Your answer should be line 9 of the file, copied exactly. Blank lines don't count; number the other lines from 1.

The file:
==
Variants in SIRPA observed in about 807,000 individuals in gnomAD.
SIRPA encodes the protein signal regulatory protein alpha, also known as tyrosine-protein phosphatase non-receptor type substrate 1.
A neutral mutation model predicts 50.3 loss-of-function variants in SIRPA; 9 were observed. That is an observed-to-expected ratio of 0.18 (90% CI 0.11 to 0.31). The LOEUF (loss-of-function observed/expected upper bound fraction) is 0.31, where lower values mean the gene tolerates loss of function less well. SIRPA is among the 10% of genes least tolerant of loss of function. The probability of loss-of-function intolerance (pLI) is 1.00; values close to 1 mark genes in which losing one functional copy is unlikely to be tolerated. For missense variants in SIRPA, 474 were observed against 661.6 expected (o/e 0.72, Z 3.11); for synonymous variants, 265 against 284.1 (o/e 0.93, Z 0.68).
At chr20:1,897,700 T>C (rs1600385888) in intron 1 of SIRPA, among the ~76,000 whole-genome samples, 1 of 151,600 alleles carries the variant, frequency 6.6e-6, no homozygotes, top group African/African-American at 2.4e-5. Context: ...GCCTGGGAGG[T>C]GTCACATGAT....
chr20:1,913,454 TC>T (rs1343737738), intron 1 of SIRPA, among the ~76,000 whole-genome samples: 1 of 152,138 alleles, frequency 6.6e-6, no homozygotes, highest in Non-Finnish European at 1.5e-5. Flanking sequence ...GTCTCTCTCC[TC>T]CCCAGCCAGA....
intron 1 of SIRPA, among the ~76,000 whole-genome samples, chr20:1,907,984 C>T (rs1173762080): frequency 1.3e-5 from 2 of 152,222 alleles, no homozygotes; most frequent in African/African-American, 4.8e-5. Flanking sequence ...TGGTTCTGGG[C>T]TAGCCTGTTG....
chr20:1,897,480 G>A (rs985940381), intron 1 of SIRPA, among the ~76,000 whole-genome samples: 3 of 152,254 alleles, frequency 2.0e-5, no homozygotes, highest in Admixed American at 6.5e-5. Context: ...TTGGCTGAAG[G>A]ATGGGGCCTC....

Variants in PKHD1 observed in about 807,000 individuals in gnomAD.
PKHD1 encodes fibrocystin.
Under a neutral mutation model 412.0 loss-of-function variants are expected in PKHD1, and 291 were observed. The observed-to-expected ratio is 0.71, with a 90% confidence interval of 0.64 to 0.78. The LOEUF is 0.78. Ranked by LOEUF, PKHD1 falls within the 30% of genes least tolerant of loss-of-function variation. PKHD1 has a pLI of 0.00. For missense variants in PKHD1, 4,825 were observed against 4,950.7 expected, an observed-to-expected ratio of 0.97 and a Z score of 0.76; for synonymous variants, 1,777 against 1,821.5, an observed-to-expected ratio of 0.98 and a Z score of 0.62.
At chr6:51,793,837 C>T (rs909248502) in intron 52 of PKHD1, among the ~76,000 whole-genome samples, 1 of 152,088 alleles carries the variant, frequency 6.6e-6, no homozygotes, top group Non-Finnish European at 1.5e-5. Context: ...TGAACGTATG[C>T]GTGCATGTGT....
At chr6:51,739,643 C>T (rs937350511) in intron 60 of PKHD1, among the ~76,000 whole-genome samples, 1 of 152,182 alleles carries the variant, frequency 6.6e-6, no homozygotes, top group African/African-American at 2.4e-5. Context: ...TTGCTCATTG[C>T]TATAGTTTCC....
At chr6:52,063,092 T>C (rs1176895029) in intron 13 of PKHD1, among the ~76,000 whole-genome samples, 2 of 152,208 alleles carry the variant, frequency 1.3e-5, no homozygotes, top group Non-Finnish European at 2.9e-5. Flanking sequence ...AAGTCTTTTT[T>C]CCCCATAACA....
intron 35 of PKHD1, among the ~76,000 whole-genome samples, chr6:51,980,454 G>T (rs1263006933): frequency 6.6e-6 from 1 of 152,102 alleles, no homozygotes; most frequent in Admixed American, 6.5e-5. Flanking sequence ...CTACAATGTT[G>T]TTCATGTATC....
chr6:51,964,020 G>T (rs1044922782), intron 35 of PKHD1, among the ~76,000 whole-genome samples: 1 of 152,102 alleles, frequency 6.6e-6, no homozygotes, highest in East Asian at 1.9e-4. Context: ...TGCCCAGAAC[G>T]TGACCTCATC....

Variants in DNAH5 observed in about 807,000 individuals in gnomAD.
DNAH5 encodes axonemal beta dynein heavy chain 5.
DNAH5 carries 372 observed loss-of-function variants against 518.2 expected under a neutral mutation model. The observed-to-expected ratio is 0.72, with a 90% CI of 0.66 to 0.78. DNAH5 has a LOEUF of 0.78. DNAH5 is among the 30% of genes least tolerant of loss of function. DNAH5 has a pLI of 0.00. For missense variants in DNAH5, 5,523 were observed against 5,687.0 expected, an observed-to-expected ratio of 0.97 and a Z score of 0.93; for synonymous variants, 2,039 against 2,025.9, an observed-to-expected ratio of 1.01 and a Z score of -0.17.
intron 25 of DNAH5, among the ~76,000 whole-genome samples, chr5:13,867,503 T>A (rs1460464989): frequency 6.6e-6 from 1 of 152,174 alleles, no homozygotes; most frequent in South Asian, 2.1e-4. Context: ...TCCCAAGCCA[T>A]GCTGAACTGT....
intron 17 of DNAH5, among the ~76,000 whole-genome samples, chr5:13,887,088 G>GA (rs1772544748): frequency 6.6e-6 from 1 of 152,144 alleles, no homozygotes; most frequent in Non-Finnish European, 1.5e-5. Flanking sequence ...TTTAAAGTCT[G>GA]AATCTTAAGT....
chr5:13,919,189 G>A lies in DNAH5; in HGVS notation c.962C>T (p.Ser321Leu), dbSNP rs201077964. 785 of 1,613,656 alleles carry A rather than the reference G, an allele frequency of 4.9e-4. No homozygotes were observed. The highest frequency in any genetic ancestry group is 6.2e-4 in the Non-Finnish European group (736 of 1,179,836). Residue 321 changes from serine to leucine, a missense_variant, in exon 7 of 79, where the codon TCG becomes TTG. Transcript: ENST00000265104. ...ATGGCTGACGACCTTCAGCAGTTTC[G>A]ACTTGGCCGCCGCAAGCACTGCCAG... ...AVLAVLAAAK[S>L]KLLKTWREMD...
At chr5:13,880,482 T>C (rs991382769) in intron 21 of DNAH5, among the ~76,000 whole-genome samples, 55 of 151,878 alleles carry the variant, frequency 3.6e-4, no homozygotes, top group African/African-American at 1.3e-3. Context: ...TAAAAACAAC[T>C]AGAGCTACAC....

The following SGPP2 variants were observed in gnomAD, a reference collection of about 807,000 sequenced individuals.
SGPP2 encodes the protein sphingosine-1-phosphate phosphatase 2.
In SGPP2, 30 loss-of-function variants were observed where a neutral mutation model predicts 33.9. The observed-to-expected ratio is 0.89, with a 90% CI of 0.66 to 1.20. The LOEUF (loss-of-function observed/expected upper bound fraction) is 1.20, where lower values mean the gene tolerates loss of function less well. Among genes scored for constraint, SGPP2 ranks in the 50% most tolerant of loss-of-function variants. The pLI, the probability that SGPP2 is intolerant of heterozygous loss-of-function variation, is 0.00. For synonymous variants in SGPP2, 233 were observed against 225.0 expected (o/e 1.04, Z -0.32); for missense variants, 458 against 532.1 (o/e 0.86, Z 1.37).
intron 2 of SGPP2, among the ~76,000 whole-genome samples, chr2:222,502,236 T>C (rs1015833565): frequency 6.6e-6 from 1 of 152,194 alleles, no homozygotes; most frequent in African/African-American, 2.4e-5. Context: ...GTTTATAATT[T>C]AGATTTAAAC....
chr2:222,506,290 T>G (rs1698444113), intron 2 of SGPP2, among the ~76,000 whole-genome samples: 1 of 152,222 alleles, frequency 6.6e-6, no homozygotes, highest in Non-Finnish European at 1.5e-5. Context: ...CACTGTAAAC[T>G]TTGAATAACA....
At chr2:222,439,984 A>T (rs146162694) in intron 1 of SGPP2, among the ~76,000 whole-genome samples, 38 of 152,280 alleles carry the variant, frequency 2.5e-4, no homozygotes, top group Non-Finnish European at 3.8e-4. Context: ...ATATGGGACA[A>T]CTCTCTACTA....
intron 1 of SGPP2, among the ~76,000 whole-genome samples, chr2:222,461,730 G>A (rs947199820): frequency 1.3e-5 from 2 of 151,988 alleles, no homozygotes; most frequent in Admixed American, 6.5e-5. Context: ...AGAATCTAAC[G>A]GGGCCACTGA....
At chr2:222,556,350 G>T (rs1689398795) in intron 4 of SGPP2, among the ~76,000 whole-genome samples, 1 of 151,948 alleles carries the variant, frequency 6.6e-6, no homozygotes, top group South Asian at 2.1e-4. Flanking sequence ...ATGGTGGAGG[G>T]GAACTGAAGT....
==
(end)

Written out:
PKHD1 encodes fibrocystin.